NASCAR stars react to Danica's move
NASCAR has had two years to prepare for Danica Patrick — and vice versa.
On Thursday, Patrick announced that she will continue her path with JR Motorsports in the No. 7 Chevrolet full time in the Nationwide Series in 2012 and will run a limited Sprint Cup schedule of eight to 12 events with Stewart-Haas Racing, most likely with her debut occurring in the 2012 Daytona 500.
But never has the sport rolled out a welcome mat to the extent it has for the 29-year-old GoDaddy girl. The moves of open wheelers Mario Andretti, AJ Foyt, Tony Stewart, Juan Pablo Montoya or Dario Franchitti were far less heralded than IndyCar’s latest export.
And NASCAR is ready to welcome Patrick with open arms.
“Certainly as we’ve already seen, it will attract a lot of attention and attention is what every form of sports or entertainment looks to have,” said NASCAR president Mike Helton. “She has exhibited enough potential and talent that I think people will look at her to see what she does, how she progresses and will follow her as they would other drivers, but the rampup will be a lot quicker in her case.
“The bottom line is it will contribute to the bigness of everything. We have so many efforts going on to make sure that everyone realizes that NASCAR is available and open to everybody. To have a flag bearer in the form of a driver is huge.”
In the age of social media, fellow motorsports icons Ricky Carmichael and Travis Pastrana have created a buzz upon their arrivals, but nothing to the degree of Patrick.
Kelley Earnhardt, co-owner and general manager of JRM, called the move “exciting.” She acknowledged that the exposure from the deal will be “positive” for JRM and help assist in attracting other sponsors.
But Earnhardt, who ran Late Models growing up and has a daughter who has started racing, also feels that Patrick’s arrival in NASCAR will not only offer encouragement to aspiring female racers but also show that the opportunities exist to advance.
“There are tons of young girls and women that are in the motorsports ranks competing at local levels and regional levels all over the United States,” Earnhardt said. “What this does, for Danica to be involved in the Nationwide Series and the Sprint Cup Series, is give those females a lot more hope that it can be done because we haven’t had a lot of success with females in the sport throughout our years.
“It gives them hope that they can reach for their dreams and chase their dreams and that it’s not a wasted effort. And they have somebody that they can look up to that has managed her brand and done well for herself. So they have someone to model themselves after.”
Via Twitter, Brad Keselowski said he had “no problem” with females racing and some of the best competitors he raced against growing up “were girls.” Inevitably, he believes that “mental strength and raw talent” will distinguish racers in the field “not gender, or freak of nature genetics.”
“Although I never raced against Danica growing up I'm sure she was one of those exceptionally talented and skilled girls,” Keselowski tweeted. “Watching some of those girls flame out along the way was always disheartening for me personally. As a competitor u what to race the best. Their were many reasons the talented girls didn't make it along the way. Some didn't like the label, of female race car driver. Others, Wanted time for a boy friend & later family. Kudos to Danica for sticking it out. Most don't. I'll always respect her accordingly.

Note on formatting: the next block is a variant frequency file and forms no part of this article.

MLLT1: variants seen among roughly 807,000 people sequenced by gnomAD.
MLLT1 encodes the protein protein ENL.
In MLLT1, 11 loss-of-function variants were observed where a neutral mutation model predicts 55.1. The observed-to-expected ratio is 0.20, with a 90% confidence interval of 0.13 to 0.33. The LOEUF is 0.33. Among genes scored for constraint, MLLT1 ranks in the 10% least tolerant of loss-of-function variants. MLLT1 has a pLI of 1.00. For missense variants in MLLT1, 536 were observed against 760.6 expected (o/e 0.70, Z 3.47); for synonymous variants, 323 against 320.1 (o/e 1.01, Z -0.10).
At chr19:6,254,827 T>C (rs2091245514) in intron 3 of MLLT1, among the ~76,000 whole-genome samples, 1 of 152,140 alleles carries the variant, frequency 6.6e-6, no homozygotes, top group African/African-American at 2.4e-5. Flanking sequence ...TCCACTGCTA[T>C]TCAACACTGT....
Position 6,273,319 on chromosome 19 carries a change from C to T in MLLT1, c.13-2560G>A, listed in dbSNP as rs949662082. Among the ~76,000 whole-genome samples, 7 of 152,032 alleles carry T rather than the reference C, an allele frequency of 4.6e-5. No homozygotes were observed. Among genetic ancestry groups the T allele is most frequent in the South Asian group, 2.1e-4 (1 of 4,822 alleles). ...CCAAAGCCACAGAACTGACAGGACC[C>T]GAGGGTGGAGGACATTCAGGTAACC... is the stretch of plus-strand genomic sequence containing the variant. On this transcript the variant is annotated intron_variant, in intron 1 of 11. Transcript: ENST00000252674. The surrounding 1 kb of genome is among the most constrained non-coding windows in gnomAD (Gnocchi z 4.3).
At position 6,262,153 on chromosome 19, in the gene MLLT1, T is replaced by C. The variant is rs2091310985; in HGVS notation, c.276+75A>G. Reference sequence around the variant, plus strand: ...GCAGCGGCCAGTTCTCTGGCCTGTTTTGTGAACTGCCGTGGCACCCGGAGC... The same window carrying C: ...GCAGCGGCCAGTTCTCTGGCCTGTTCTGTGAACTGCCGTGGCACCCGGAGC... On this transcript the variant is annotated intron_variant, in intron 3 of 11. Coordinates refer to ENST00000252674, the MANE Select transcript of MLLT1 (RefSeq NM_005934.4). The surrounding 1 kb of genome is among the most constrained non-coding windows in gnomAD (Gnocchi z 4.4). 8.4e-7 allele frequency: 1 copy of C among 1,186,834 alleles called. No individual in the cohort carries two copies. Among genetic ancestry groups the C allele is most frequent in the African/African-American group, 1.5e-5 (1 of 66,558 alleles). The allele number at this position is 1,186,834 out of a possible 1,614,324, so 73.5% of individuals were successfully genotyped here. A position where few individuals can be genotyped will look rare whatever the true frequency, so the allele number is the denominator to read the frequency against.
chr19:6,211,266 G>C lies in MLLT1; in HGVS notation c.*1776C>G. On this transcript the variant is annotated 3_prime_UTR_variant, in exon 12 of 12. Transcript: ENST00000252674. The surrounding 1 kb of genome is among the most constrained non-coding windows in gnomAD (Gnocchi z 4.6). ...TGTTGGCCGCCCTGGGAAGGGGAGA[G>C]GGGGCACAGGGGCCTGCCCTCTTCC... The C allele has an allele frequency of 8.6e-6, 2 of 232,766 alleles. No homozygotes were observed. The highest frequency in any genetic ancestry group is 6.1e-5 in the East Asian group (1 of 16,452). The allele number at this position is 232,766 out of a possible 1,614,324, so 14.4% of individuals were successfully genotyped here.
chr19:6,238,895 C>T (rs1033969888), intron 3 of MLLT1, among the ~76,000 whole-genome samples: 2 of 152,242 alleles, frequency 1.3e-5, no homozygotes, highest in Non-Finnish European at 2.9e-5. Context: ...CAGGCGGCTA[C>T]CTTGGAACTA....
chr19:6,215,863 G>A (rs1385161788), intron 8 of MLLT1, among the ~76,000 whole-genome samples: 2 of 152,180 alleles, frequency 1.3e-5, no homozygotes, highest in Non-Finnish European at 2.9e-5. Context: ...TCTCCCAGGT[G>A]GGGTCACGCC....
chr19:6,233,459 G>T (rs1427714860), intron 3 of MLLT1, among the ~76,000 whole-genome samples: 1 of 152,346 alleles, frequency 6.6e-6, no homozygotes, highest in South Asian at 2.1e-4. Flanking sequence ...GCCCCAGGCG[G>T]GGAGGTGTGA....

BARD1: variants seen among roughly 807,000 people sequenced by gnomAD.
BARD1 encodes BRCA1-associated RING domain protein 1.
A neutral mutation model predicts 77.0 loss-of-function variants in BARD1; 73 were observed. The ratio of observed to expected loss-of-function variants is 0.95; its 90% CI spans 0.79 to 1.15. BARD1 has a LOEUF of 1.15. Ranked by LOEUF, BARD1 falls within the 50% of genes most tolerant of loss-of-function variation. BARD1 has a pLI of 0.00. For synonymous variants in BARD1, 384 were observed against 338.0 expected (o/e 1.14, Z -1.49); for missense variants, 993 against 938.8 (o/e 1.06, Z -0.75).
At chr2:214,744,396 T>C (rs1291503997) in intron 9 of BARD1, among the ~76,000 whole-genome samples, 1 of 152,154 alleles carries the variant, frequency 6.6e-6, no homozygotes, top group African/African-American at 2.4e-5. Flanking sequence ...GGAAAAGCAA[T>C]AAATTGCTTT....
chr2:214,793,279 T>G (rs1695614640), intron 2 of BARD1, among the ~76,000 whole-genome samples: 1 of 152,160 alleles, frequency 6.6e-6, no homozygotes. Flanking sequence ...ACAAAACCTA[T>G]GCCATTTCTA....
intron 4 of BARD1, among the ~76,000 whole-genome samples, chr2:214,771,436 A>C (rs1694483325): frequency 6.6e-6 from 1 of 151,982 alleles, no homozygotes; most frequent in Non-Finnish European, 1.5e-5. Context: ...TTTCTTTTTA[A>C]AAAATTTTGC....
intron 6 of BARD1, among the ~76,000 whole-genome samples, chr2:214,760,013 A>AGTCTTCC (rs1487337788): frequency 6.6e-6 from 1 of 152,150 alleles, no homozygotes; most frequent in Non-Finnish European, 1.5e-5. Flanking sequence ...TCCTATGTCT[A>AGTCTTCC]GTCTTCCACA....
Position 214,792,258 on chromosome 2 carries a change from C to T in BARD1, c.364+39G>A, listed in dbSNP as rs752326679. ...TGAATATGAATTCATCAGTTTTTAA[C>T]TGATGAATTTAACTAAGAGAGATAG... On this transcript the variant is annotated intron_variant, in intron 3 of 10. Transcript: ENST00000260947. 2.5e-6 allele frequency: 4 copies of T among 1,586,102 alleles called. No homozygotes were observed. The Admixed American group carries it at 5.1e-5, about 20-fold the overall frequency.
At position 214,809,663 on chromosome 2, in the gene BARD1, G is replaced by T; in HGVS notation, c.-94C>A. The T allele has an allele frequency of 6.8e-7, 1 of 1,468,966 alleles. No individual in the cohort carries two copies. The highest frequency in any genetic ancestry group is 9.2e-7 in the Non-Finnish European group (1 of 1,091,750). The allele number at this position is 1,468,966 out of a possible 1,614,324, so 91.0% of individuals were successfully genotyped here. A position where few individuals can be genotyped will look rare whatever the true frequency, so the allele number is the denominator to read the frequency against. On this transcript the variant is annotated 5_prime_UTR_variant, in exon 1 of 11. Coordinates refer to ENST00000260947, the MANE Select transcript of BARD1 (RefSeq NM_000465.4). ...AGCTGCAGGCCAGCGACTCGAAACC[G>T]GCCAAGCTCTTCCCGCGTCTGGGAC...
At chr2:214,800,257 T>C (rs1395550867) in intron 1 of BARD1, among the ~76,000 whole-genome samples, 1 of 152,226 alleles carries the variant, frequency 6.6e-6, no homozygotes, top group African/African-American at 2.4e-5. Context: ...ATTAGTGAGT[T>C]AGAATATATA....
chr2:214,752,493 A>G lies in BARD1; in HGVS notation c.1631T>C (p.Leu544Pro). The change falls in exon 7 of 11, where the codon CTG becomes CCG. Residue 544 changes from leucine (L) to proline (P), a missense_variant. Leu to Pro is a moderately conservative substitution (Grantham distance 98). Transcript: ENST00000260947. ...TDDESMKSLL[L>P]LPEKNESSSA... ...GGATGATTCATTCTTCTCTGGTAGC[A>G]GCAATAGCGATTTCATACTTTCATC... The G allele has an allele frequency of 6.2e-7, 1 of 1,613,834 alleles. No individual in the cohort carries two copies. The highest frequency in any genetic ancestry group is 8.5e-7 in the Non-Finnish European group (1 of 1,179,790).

“All that said, her assent up the ladder of the sport thru various branding 'techniques' (swimsuit ads etc) only serves to undermine the Future credibility of female racers who wish to make it based on skill, mental toughness and a never give up attitude. That to me is wrong. Essentially she has opened a pandoras box for all female racers. If she doesn't succeed, no female will get a chance for years to come.”
Patrick has made tremendous gains from 2010 to this season and improved her average finish this season by 12 positions after seven starts. But for a driver with just one win in 111 attempts on the IndyCar side and one top-five and three top-10 finishes in 20 Nationwide starts, time will tell whether the hype equals the eventual performance.
Four-time champion Jeff Gordon humbly states that his early following was a result of performance — not popularity. After all, Gordon was a 21-year-old kid from California — an anomaly among the Southern fraternity of stock-car racers back in 1992. “Wonder Boy” did attract a whole new market of fans, particularly females, as he quickly made a name for himself in the Cup division.
While Gordon believes Patrick’s arrival in NASCAR will be “great for the sport,” he knows the expectations will be high.
“I was winning races in the Busch Grand National Series and so, to me, if there was any hype, which I didn’t think there was that much hype, but if there was any, it was more of just from a performance standpoint,” Gordon said. “I think Danica still has to prove herself from a performance standpoint. She’s, I think, impressed a lot of people in some of her performances this year. But I think she still has a long way to go.
“I think we’ll just have to wait and see how she does in a full-time season and in those Cup events that she’s planning on doing. So it should be very interesting. To me, it’s far more challenging for her than it was for me because I didn’t have that kind of hype and expectations and that many eyes on me, even though I felt like I did, I know I didn’t. The most challenging years in my racing career was definitely my rookie year in Nationwide and my rookie year in Cup because you feel like you have so much to do to step it up and to live up to any expectations that there are. She certainly has a lot to live up to.”